University of Arkansas Office for Education Policy

Education Committees Hear Staffing Study Report

In AR Legislature on April 13, 2016 at 12:52 pm

The House and Senate education committees met jointly yesterday and heard reports on teacher salaries and recruitment/retention issues. Salary studies are conducted routinely as a required part of the state’s ongoing adequacy study, but this is the first in-depth look at teacher recruitment and retention. Here is a recap of several key findings.

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Teacher Recruitment and Retention

To say Arkansas has a teacher shortage isn’t really accurate. A study by the Bureau of Legislative Research indicates that we probably have plenty of teachers, but not necessarily in the geographic or content areas they are needed most. Or, they aren’t teaching at all. According to this report based on several data sources:

  • Of the state’s 57,940 licensed teachers, only 33,104 were employed as teachers.
  • Content-wise, we can expect critical teacher shortages in up to 10 areas, ranging from foreign languages and library media to computer and physical sciences. ADE and districts work to address these shortages with waivers and “non-traditional” licensure, but turnover is higher for teachers in both situations.
  • Significantly fewer college students are pursuing teaching as a profession; enrollment is down by 50% since 2010. Worse, not enough of those students are preparing to teach in the content shortage areas, and the number of students preparing for non-shortage areas exceeds the available positions.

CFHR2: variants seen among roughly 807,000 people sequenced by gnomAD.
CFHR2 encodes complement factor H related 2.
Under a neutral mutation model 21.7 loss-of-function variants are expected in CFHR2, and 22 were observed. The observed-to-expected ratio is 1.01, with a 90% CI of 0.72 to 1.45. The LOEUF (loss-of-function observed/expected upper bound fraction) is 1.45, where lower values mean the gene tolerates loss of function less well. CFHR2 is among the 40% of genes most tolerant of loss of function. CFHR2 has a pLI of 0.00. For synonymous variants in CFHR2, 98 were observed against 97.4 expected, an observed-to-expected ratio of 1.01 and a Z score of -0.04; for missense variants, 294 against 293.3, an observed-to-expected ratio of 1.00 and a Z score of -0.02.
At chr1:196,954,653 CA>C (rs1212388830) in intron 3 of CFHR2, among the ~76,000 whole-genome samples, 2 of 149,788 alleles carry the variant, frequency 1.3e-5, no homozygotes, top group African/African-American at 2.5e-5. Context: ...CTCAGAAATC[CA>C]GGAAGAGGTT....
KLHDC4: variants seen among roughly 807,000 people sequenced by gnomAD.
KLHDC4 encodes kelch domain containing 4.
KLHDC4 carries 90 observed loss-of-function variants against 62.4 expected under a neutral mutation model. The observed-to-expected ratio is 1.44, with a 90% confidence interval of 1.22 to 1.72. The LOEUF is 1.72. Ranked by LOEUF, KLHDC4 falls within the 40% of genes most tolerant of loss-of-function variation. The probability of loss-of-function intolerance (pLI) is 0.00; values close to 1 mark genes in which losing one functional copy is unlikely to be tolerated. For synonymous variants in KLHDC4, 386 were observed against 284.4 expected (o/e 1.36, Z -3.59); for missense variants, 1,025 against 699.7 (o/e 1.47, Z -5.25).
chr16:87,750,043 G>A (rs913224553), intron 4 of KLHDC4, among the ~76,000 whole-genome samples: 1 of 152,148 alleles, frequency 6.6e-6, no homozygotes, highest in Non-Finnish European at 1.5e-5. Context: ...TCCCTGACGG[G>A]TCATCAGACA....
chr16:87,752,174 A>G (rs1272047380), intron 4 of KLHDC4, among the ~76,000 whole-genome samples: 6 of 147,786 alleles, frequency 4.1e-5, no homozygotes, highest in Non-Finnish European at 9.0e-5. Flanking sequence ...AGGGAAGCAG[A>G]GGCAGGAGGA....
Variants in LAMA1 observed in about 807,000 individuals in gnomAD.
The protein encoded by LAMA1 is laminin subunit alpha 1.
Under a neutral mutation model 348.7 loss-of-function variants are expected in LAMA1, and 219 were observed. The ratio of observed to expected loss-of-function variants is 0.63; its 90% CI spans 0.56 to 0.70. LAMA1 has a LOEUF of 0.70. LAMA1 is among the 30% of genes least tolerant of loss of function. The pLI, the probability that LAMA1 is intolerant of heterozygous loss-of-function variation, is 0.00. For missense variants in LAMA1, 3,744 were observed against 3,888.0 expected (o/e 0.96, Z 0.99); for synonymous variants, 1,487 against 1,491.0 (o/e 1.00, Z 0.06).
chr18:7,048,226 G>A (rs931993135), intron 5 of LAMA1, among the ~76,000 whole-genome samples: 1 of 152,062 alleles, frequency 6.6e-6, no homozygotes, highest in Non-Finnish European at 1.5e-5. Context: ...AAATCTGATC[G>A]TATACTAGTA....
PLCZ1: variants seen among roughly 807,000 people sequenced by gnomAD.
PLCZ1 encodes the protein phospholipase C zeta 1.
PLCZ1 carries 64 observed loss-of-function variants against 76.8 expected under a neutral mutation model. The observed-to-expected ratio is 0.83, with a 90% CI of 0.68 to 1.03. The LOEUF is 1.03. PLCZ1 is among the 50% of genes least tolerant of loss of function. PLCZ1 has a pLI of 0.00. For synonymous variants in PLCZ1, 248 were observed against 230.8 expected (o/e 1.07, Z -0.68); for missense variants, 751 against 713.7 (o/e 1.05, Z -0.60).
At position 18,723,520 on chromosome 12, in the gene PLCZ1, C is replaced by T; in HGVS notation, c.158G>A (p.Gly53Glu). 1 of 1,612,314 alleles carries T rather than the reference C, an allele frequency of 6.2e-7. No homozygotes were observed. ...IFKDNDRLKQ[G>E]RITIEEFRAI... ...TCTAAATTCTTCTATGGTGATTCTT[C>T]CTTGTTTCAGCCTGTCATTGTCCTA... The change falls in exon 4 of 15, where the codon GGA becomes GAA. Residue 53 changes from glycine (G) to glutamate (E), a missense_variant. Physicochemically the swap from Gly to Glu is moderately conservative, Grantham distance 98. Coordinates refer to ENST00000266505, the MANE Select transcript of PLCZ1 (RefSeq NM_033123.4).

• High-minority schools have about twice the rate of teacher turnover as low-minority schools, but high-poverty and low-poverty schools have about the same rates of turnover.
  • About 36% of Arkansas teachers leave the profession after five or fewer years, though this is lower than the national average.
  • Administrators cited compensation and credentials as their greatest challenges in recruiting and retaining teachers. Teachers mentioned compensation and the non-classroom administrative burden as obstacles to retention, though most of those surveyed were planning to stay in the profession.

The education committees meet again on Friday, May 6. The legislature’s fiscal session starts today.

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